Cornelis Bennema, «The Sword of the Messiah and the Concept of Liberation in the Fourth Gospel», Vol. 86 (2005) 35-58
This article elucidates the Johannine concept of Jesus’
"sword" as the means of liberation against a background of Palestinian messianic
apocalypticism. It is argued that the Johannine Jesus is depicted as a messiah
who liberates the world at large from the spiritual oppression of sin and the
devil by means of his Spirit-imbued word of truth. In addition, Jesus also
provides physical, social, religious and political liberation. Jesus’ programme
of holistic liberation is continued by his disciples through the transference of
his "sword" in the form of their Paraclete-imbued witness.
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38 Cornelis Bennema
use â€œmessianicâ€ rather loosely, namely as referring to an anointed
(eschatological) figure who would act as Godâ€™s agent (in the last days)
to liberate â€œIsraelâ€ (and to rule over her in justice and peace) (10).
Hence, we shall examine those texts that evoke the concept of a
messiah, even if the literal term jyvm or cristov" does not occur. We
will neither elucidate Jewish messianism at large, nor attempt to
homogenize the diverse messianic ideas, but merely examine the
specific activities of a messianic liberator.
1. Psalms of Solomon
The Psalms of Solomon is a collection of eighteen psalms which
were almost certainly written in Palestine in the wake of Pompeyâ€™s
conquest of Jerusalem in 63 B.C.E. Historical allusions to this event
are found in 2,1-2; 8,15-21; 17,7-14. We also have in 2,26-27 in all
probability an allusion to Pompeyâ€™s assassination in Egypt in 48
B.C.E. We cannot be certain how close in date the other Psalms are to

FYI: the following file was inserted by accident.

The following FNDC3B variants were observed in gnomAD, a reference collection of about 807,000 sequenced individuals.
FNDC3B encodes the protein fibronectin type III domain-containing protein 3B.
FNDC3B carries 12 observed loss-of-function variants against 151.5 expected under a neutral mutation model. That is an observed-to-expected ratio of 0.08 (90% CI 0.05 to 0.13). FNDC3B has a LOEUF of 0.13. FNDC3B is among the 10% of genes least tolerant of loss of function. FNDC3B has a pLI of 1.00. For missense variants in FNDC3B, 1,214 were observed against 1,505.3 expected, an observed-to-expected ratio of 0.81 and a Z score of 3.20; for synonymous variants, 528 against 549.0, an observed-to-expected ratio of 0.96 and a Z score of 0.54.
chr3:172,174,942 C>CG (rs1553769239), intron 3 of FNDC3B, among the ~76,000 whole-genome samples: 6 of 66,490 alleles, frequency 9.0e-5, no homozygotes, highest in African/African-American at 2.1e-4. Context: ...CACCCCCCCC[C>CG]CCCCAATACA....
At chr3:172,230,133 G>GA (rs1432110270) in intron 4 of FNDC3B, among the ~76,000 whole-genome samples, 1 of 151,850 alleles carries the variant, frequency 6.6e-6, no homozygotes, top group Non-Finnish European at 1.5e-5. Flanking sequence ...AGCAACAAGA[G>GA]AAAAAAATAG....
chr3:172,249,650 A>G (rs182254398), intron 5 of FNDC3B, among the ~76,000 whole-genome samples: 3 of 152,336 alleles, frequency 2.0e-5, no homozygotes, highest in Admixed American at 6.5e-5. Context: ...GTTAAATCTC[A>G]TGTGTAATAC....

the three that refer to Pompey, but scholars assume that the final
collection of the Psalms took place before 40 B.C.E.(11).
The Psalms are highly polemical in that they give a negative
evaluation of both the Hasmonean dynasty and the subsequent Roman
rule in Palestine. According to the psalmist, the reason for the Roman
invasion by Pompey is the illegitimate usurpation of the priesthood
and the Davidic throne by the Hasmoneans and their consequent
defilement of the Jerusalem temple (2,1-3; 8,6-13; 17,4-6) (12).
Consequently, God used Pompey/Rome to bring judgment on Israel
(2,4-21; 8,15-21; 17,7-14), as he had done in the past by using foreign
(10) Cf. Judaisms and Their Messiahs at the Turn of the Christian Era (eds. J.
NEUSNER â€“ W.S. GREEN â€“ E.S. FRERICHS) (Cambridge 1987) ix; G.S. OEGEMA,
The Anointed and his People. Messianic Expectations from the Maccabees to Bar
Kochba (JSPSS 27; Sheffield 1998) 21-27; M.A. ELLIOTT, Survivors of Israel. A
Reconsideration of the Theology of Pre-Christian Judaism (Grand Rapids â€“
Cambridge 2000) 436.
(11) M. DE JONGE, â€œThe Psalms of Solomonâ€, Outside the Old Testament (ed.
M. DE JONGE) (Cambridge 1985) 161; R.B. WRIGHT, â€œPsalms of Solomonâ€, The
Old Testament Pseudepigrapha (ed. J.H. CHARLESWORTH) (New York 1985) II,
641. K.R. Atkinson, however, argues that PsSal 17 reflects the time of Herod the
Great and puts its date between 37-30 B.C.E. (â€œOn the Use of Scripture in the
Development of Militant Davidic Messianism at Qumran: New Light from Psalm
of Solomon 17â€, The Interpretation of Scripture in Early Judaism and
Christianity [ed. C.A. EVANS] [JSPSS 33; Sheffield 2000] 109).
(12) Cf. WRIGHT, â€œPsalmsâ€, II, 651; DE JONGE, â€œPsalmsâ€, 163, 168.